Starting to answer the question: brainstorming
You have the power to rebuild it
Now you’ve broken your essay title down into its component parts to make sure you understand what you are being asked to do, you can start to think about how to start working towards an answer. The first method we’re going to look at is called ‘brainstorming’. Brainstorming means ‘attempting to find a solution to a problem or question by collecting spontaneous ideas’. Some tutors don’t like this technique. They complain that it encourages disorganised thinking and therefore disorganised writing so that some student essays look as if they are all storm and no brain. So remember: brainstorming is only ever the first stage of the essay writing process.
How to do it
Brainstorming means taking a pen and paper and writing quickly and intensively for a short period of time. Don ’t worry about getting things in a particular order: just get as much down on paper as you can. There’s no right or wrong way to do this. Some people prefer to write continuously i.e. they just start and keep going in one great big sentence. Some people prefer to make very quick lists of points under headings. Other people prefer to organise their ideas visually. They might take an A4 sheet of paper and divide it into three horizontal areas, one for each of the key areas in the essay: ‘heart disease’, ‘cholesterol’ and ‘screening programmes’. They would then group short notes around those topics. It’s best to experiment and find the way that works best for you. There are two types of brainstorming you can do: ‘positive’ and ‘negative’.
Take a pen and a sheet of paper and spend approximately ten minutes writing down everything you know and think about a subject. For example, you might start by trying to write quick definitions of all the key terms in the question: ‘heart disease is…’ etc, etc. Then you might remember that you had a lecture on cholesterol last week and were given handouts at the end about resultant health problems. Or you might remember that your tutor said in last week’s seminar that there’s some interesting new research on cholesterol. Or you might remember there’s a chapter on heart disease and cholesterol in one of your course books. Or you might think ‘we haven’t started using book X yet – perhaps there’s a section in there’. So this process will help you to access things you already know; and it will help you to think about where to get evidence to back up what you know.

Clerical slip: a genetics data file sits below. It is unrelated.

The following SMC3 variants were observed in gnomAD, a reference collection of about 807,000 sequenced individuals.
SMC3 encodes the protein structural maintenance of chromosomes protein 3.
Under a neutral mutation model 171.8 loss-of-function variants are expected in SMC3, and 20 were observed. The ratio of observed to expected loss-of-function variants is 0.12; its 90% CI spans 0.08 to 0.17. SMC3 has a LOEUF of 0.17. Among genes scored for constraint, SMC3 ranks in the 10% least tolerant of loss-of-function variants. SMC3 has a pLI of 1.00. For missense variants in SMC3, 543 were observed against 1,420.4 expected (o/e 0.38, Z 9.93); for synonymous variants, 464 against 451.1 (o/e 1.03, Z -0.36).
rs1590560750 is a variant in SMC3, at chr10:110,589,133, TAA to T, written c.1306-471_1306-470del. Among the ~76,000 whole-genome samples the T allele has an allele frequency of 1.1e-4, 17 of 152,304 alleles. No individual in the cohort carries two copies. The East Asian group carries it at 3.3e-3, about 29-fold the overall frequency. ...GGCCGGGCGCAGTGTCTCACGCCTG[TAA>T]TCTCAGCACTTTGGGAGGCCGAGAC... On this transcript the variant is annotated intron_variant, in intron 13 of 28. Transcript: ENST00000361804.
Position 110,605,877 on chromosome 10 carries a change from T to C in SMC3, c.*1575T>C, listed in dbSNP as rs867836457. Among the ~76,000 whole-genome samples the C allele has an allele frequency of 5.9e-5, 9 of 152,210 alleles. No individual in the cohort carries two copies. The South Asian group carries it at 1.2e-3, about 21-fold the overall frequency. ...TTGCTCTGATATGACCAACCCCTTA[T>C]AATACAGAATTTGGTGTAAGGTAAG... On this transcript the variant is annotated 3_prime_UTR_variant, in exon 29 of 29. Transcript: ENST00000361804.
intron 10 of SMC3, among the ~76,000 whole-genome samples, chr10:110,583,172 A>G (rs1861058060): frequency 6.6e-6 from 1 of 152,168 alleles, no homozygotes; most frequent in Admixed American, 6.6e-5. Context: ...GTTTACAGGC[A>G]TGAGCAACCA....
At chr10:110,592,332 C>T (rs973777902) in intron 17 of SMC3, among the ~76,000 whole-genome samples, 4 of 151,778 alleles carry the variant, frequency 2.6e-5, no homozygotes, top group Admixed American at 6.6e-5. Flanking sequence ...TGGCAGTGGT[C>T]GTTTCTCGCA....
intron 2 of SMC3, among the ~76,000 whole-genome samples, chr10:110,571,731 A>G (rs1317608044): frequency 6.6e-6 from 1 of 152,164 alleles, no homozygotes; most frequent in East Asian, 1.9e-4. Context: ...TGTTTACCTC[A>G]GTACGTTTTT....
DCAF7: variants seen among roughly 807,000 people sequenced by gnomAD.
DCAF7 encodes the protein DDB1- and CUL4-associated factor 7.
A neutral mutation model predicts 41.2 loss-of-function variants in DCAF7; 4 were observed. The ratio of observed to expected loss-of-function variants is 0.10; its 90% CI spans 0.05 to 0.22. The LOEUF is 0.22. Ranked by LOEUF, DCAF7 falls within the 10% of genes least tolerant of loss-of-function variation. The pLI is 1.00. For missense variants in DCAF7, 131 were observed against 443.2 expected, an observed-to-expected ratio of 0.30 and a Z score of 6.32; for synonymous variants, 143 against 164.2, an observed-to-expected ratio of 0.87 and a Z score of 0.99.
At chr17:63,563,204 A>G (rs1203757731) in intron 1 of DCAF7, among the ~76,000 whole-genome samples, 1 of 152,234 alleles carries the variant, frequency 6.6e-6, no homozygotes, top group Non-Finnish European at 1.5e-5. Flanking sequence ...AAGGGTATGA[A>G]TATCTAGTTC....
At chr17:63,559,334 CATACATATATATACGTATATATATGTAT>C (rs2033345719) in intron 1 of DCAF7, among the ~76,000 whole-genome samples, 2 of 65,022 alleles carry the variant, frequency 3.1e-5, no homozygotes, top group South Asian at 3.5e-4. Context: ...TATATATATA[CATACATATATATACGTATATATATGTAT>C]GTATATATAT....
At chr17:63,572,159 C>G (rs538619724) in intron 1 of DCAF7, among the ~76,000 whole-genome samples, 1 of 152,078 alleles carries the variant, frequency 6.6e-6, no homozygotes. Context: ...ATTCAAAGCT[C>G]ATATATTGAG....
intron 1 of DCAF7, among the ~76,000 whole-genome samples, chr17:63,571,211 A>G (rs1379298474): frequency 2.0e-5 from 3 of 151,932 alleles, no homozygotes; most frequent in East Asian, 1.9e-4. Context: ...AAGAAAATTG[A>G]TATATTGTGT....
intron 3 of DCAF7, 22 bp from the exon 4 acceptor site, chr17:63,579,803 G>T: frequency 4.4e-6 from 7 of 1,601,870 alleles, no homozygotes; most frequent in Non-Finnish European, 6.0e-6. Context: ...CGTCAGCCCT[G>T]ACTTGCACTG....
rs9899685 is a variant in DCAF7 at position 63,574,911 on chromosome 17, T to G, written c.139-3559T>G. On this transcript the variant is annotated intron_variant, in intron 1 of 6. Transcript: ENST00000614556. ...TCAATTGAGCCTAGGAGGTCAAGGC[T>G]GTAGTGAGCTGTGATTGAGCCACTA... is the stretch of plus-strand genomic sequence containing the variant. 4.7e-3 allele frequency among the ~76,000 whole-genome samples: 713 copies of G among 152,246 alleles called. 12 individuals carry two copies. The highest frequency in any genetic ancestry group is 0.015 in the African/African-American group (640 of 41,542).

Now take another sheet of paper and spend approximately ten minutes writing everything you don’t know about the question, what you need to know and what you are going to do to find out. For example, in your positive brainstorm you might have written quite a lot about heart disease and cholesterol but you might know nothing about screening programmes and their usefulness. Where are you going to go find out? You might start by jotting down names of likely journals or databases or articles or names of likely course books. This is also the place to ask yourself questions about what you don’t know. This will help you to think about how to use all the resources that are available. So you might ask yourself questions like: Is there more than one type of screening programme? And, if so, is one type more effective than others?
It’s a bit like cooking
Of course, you can do your positive and negative brainstorms at the same time. You might divide an A4 sheet into two vertical columns and head one ‘what I know’ and the other ‘what I don’t know’. The important thing is to think about the process as if you are thinking about cooking something you’ve never cooked before. First, you look at the recipe to see what ingredients and equipment are needed. Second, you look in your cupboards and fridge to see what ingredients and equipment you’ve already got. Third, you make a list of what ingredients and equipment you need to buy.
Do it with friends
Brainstorming is a problem-solving technique originally developed for use by groups of people. There’s no reason why you shouldn’t do it with friends or classmates from your course. This isn’t cheating. You sometimes hear phrases like ‘the agreed body of knowledge on this subject’. This is because academic knowledge is a collaborative process. Scientific researchers work together in teams. Articles are only published in journals when they’ve been read and criticised by other experts in the relevant field. Students can and should work together too. This is worth repeating: Students can and should work together.
Fear of a white page
Brainstorming an essay topic with friends can help you feel less isolated. Brainstorming itself is very useful in overcoming that ‘rabbit in the headlights’ feeling we all get when first confronted by an essay title. Brainstorming will help you get past that feeling that you can’t start writing until you know what the first sentence is going to be. Brainstorming helps you realise you can ‘just start writing’.